Thank goodness that this phase is over. American Idol is in the semifinals round, with 25 true competitors singing whole (if abridged) songs on the big stage. Last night the boys performed, tonight the girls get their chance. It's still too early to call even the top five, but at this point the baker's dozen who made their case felt luxuriously relevant.

After so many fragmented hours of semi-sudden death, I finally unclenched my grip on the remote as Reed Grimm took several whole minutes to offer his cartoonish take on "Moves Like Jagger"; Deandre Brackensick kept the shine on his falsetto throughout Earth, Wind & Fire's "Reasons"; Creighton Fraker calmed down and showed class while belting out "True Colors" and Jermaine Jones, the surprise returning striver, smiled steadily through a mellow take on the Idol favorite "Dance With My Father." By show's end, I felt the way television should (but in truth rarely does) make you feel — like I'd taken a break to absorb something halfway meaningful.

My relief allowed me to reflect on how I move through life in the age of the instant click. Addicted to new information, always hoping for a novel thrill, I don't sink into any one narrative too often. This is true of my work life on the laptop, and increasingly of my couch time too (as if one can be distinguished from the other). I tweet or "talk" on Facebook while I watch TV, and I fast-forward through boring stuff.

But boring stuff matters within the healing process narrative provides. A slow scene in a film — say, the ones in Moneyball where Brad Pitt is just driving aimlessly through industrial Oakland — allows the viewer to rest the muscle of her consciousness. Still engaged, I can breathe and think. This is when pop culture starts to mean something, connecting to my own opinions and experiences. I make that meaning in dialogue with whatever film, show, even song has grabbed my attention, in the space between what images and stories it presents and my own ideas and memories.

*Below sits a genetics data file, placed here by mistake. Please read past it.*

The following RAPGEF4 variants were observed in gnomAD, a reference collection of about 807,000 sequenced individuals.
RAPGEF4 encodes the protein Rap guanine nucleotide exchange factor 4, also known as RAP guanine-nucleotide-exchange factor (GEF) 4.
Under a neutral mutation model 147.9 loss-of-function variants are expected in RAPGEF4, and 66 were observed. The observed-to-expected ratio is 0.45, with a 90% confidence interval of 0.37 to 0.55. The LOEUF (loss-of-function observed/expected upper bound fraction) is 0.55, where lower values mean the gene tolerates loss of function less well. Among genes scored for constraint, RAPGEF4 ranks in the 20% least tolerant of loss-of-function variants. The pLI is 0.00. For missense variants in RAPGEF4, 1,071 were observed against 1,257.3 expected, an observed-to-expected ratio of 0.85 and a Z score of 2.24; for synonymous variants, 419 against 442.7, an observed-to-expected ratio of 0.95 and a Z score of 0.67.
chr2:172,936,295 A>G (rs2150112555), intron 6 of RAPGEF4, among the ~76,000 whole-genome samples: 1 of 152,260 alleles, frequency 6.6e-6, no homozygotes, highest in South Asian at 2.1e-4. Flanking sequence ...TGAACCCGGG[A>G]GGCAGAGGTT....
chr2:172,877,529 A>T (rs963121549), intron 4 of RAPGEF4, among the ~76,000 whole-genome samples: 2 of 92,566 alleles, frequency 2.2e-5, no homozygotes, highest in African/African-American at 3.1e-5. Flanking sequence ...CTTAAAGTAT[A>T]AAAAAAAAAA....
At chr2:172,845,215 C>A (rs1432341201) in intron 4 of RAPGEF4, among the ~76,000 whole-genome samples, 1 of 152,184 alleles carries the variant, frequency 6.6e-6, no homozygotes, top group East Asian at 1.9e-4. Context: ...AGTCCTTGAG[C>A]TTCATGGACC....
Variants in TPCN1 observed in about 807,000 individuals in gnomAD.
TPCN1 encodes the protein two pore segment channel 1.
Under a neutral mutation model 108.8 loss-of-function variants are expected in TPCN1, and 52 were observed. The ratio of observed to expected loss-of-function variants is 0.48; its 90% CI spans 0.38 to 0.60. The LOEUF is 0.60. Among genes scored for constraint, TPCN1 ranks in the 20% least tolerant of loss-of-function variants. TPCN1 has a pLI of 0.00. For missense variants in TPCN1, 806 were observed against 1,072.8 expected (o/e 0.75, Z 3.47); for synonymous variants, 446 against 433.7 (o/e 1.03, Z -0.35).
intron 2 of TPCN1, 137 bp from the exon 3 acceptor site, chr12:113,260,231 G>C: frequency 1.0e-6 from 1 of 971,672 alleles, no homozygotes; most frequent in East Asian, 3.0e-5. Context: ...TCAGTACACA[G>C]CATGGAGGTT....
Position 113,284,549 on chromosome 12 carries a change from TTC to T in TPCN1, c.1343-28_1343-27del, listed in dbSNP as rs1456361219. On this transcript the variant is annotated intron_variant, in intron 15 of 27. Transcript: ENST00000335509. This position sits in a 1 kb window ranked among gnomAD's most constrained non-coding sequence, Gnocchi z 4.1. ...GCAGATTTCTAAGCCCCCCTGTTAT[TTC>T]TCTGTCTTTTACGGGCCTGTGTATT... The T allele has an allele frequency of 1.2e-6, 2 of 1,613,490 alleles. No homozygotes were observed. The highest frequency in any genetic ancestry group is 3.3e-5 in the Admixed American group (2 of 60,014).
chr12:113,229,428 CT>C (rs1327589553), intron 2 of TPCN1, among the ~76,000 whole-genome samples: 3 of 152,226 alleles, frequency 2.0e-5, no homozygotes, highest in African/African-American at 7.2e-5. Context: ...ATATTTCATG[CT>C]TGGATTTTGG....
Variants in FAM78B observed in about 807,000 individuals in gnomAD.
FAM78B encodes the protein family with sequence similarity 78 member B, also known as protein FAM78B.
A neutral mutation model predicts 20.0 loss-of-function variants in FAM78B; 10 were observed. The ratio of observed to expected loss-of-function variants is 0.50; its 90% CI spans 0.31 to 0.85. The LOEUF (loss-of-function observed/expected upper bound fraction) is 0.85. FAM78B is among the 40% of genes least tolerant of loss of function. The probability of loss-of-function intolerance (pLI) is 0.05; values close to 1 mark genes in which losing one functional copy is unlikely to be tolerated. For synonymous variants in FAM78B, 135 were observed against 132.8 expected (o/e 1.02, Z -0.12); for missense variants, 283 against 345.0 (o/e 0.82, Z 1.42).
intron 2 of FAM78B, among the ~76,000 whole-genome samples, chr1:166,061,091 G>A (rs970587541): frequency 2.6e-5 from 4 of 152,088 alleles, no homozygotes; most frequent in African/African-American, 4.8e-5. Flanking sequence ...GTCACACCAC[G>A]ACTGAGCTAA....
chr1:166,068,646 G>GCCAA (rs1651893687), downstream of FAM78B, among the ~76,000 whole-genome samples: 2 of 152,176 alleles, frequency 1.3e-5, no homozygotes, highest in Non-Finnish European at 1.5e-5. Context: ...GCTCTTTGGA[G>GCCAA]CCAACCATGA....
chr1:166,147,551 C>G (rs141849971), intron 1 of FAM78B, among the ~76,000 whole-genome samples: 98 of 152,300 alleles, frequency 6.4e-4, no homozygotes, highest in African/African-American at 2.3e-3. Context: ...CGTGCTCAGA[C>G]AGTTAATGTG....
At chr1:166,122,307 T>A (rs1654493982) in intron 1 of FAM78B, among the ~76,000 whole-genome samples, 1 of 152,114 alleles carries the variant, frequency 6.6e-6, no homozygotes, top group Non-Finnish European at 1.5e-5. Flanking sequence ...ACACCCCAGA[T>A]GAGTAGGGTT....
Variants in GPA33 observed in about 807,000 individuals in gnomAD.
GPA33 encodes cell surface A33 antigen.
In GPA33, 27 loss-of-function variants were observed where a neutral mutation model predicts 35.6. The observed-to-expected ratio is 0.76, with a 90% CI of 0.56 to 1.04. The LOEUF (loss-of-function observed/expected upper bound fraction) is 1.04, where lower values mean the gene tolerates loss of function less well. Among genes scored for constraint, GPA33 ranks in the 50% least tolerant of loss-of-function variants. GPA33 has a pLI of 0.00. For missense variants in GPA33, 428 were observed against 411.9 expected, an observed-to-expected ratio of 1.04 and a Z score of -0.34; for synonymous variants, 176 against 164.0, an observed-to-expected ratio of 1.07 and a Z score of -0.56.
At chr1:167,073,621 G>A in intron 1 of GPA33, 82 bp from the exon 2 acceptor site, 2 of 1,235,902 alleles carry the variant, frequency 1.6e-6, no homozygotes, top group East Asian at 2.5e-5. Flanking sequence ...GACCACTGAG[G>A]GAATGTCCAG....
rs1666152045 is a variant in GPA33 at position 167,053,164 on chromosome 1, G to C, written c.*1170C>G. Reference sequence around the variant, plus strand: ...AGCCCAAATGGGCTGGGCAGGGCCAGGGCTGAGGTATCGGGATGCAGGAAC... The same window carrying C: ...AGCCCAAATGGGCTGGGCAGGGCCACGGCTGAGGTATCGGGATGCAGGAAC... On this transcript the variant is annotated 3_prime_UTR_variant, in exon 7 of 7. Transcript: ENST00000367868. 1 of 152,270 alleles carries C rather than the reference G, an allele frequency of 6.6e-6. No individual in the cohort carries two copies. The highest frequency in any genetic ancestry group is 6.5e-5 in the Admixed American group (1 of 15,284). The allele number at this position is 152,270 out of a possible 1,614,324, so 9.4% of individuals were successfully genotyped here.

Reality television is rarely art, but it does often take hold of part of my day (and yours?), and its structure — whether it leaves space for thought — determines its effects. In the realm of singing competitions, we've just entered a healthier phase. Devotees like me can now hope to find a star, or really grasp a personality. Or just enjoy someone's interpretation of an almost complete song.

Tonight's Idol round should feel similar, with the girls getting their first brief taste of the spotlights. Next week The Voice begins its two-person Battle Rounds, a stage of competition that remains more frantic than where Idol is now, but has more focus, with a real payoff. I'll be watching. I may even be able to invest a little emotion. Don't expect me make any decisions about my favorites yet, though. I'm still giving decisions a rest.